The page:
Movie Review: How to Train Your Dragon (2010)

Look, I loved doing the Month of Spooks. But god damn, have I missed being able to talk about other kinds of movies. So let’s talk about a children’s film.

Ladies and gentlemen… “How to Train Your Dragon”.

Hiccup (Jay Baruchel) is the son of a great dragon-slaying viking (Gerard Butler), yet he himself is expected to reach his father’s legacy. And one day when he meets an injured dragon, he soon learns that these beasts might not just be bloodthirsty monsters. So now we have our children’s fantasy adventure story. And by Odin’s beard, this story is great. Yeah, sure, we’ve seen similar premises done before. But the care they put into how their storytelling is presented here is quite astonishing. The story here is told in a really mature way that doesn’t treat its audience like absolute idiots, like so many kid’s movies do. And by the end I was emotionally invested in the story, thanks to the clever and nuanced storytelling.

The characters in this are colorful, layered (for the most part), unique, and really interesting. First we have Hiccup, son of a great viking, but more of a scrawny wimp himself. He’s a smart young dude, relying on wits to get him through shit rather than actual force. And he has an interesting and fun arc in this movie that I really enjoyed following. And I think Jay Baruchel did a great job voicing the character. We then have Gerard Butler as his burly dad, and he’s great. You get America Ferrera as Astrid, a local girl that Hiccup may have a bit of a crush on, and she’s great in the role. You get Craig Ferguson as another viking/comic relief, and he’s great. And in other supporting roles you have people like Jonah Hill, Christopher Mintz-Plasse, Kristen Wiig, T.J. Miller, and more, and they all do a great job. Really, it’s a top notch cast.

The score for the movie was composed by John Powell, and it was absolutely wonderful. Big and epic, but also small and intimate. Epic and exciting, but also subtle and emotionally resonant. It manages to capture every emotion one would want in a movie like this.

Based on a novel by Cressida Cowell, “How to Train Your Dragon” was written by William Davies, Dean DeBlois, and Chris Sanders, with DeBlois and Sanders handling direction. And just like the story and characters before it, the craft on display here is marvelous. Everything in the direction is carefully considered, not a single frame is pure filler, everything exists either do develop a character or to add nuance to the story. Which leads us to the animation, which is absolutely spectacular. It’s highly detailed, and makes for some absolutely gorgeous images, especially during the action scenes, which are some of the best I’ve ever seen in an animated feature. The final set piece alone is one of the best I’ve seen in relatively recent movies. And with this being an animated kid’s film, there’s of course plenty of humor throughout… and it’s funny, I laugh. Slapstick, snappy comebacks, it’s all there, and it’s funny.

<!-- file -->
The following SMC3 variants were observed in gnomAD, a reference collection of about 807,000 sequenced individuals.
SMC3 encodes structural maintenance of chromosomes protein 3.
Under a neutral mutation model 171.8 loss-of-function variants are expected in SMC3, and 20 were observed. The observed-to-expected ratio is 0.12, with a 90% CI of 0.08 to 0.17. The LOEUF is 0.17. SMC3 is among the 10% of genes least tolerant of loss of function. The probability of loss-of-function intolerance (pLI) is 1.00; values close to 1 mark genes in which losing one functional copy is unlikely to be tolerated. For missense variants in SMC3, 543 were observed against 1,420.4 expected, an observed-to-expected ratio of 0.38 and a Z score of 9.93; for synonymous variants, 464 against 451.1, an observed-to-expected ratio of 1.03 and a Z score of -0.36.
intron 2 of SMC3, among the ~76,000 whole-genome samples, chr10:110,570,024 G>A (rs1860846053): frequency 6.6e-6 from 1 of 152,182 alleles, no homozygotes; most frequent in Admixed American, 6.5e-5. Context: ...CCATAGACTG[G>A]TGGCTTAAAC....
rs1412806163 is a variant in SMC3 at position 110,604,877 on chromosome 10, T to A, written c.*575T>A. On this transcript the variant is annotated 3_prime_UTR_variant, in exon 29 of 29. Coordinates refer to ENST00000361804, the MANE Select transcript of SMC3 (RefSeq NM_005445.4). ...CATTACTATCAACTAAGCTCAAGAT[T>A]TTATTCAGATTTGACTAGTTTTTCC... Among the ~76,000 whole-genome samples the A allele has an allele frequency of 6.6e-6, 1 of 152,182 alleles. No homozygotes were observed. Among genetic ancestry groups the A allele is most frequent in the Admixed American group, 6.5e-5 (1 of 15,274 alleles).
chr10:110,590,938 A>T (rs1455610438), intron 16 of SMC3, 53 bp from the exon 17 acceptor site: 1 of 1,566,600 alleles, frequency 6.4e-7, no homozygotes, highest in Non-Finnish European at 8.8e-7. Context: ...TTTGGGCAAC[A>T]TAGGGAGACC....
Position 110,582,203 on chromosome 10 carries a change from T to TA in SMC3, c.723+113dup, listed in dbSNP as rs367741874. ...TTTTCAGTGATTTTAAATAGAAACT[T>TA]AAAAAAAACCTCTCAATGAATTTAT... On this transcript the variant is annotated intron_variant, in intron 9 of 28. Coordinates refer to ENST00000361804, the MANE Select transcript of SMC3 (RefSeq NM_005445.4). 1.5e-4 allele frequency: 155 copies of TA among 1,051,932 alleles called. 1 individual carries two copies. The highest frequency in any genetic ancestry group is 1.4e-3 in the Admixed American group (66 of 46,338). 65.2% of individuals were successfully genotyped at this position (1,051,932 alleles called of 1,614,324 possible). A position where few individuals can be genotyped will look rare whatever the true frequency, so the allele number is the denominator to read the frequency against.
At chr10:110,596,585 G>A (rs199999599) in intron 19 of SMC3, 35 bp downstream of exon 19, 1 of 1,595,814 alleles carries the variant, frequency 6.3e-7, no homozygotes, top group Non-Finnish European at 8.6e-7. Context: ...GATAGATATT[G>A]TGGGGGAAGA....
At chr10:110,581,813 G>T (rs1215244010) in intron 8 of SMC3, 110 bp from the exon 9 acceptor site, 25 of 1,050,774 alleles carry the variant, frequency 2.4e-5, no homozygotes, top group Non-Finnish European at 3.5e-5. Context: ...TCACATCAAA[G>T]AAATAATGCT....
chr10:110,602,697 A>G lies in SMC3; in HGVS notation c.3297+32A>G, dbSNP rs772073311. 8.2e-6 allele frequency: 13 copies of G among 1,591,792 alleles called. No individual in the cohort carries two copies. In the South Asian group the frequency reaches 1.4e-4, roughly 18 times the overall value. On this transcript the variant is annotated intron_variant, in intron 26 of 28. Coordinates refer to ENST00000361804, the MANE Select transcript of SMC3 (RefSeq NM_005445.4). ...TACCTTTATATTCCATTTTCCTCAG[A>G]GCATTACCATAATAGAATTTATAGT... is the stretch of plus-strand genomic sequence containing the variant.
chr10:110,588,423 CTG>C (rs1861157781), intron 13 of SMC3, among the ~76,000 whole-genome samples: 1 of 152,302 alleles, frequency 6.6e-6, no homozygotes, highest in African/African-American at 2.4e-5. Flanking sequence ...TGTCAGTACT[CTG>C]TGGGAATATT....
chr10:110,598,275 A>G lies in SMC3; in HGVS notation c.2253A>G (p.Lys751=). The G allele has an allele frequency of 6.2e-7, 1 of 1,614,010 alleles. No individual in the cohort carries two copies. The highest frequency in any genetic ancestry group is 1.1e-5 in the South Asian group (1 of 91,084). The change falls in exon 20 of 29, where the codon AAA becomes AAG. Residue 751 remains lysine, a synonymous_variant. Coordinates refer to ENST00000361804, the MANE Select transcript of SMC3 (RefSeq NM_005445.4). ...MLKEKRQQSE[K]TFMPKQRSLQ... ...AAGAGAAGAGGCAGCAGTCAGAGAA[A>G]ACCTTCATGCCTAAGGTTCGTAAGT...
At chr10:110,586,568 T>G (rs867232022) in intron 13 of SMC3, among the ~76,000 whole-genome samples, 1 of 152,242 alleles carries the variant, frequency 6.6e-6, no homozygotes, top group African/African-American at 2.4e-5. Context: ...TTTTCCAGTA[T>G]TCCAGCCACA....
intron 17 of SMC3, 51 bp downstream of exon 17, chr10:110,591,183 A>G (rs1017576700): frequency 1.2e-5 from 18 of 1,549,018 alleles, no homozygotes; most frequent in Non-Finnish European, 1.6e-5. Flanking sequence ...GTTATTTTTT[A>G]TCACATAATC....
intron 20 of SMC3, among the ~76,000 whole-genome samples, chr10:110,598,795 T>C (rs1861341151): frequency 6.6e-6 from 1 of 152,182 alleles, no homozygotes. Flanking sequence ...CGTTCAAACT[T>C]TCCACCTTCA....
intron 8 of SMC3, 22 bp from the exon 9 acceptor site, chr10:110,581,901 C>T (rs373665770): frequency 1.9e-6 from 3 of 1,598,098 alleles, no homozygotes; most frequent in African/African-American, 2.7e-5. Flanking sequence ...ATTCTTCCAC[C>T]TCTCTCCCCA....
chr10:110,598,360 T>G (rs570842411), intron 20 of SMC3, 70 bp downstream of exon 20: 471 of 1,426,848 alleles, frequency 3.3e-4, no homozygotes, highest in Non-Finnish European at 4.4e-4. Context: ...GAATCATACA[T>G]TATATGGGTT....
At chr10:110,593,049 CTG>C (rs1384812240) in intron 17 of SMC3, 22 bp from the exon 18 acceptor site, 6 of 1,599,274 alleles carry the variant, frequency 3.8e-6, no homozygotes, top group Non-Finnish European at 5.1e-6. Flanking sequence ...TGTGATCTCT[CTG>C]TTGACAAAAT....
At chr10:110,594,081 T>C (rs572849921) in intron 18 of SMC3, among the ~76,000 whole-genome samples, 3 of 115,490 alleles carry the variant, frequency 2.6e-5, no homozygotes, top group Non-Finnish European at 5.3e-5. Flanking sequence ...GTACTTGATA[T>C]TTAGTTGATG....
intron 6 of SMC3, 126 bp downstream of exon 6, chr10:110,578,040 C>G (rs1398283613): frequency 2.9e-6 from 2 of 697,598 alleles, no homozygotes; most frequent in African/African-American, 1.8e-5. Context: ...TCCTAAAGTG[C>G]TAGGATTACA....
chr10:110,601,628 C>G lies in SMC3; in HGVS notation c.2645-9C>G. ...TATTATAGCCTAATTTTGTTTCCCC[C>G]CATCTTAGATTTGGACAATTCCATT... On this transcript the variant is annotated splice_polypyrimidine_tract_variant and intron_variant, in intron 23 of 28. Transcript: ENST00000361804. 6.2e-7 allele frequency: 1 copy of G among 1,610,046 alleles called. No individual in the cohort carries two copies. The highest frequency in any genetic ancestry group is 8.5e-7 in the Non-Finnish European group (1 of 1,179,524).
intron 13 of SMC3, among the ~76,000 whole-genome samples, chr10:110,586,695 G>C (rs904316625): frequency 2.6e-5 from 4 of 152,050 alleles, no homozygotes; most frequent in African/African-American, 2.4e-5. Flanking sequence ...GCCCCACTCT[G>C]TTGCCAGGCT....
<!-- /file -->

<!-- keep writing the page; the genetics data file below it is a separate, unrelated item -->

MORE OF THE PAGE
This movie has been very well received. On Rotten Tomatoes it has a 99% positive rating and a “Fresh” certification. On Metacritic it has a score of 74/100. And on imdb.com it has a score of 8,1/10 and is ranked #189 on the “top 250” list. It was also nominated for 2 Oscars in the categories of Best animated feature and Best original score.

“How to Train Your Dragon” is one of the best animated films I’ve seen in recent years. It has a great plot, great characters, great performances, great music, fantastic directing/animation, and funny comedy. Time for my final score. *Aye*. My final score for “How to Train Your Dragon” is a 9,90/10. So it gets the “SEAL OF APPROVAL!”.

My review of “How to Train Your Dragon” is now completed.

I can now see what all the fuss was about.

Movie Review: The Cabin in the Woods (2012)

Well that’s a bland as fuck horror title. I mean, there’s no way it could subvert any tropes or expectations within the horror genre. No way. Whatsoever. None. Zero. Nada. Nah. Nuh-uh. N- you see where this is going, aren’t you?

Ladies and gentlemen… “The Cabin in the Woods”.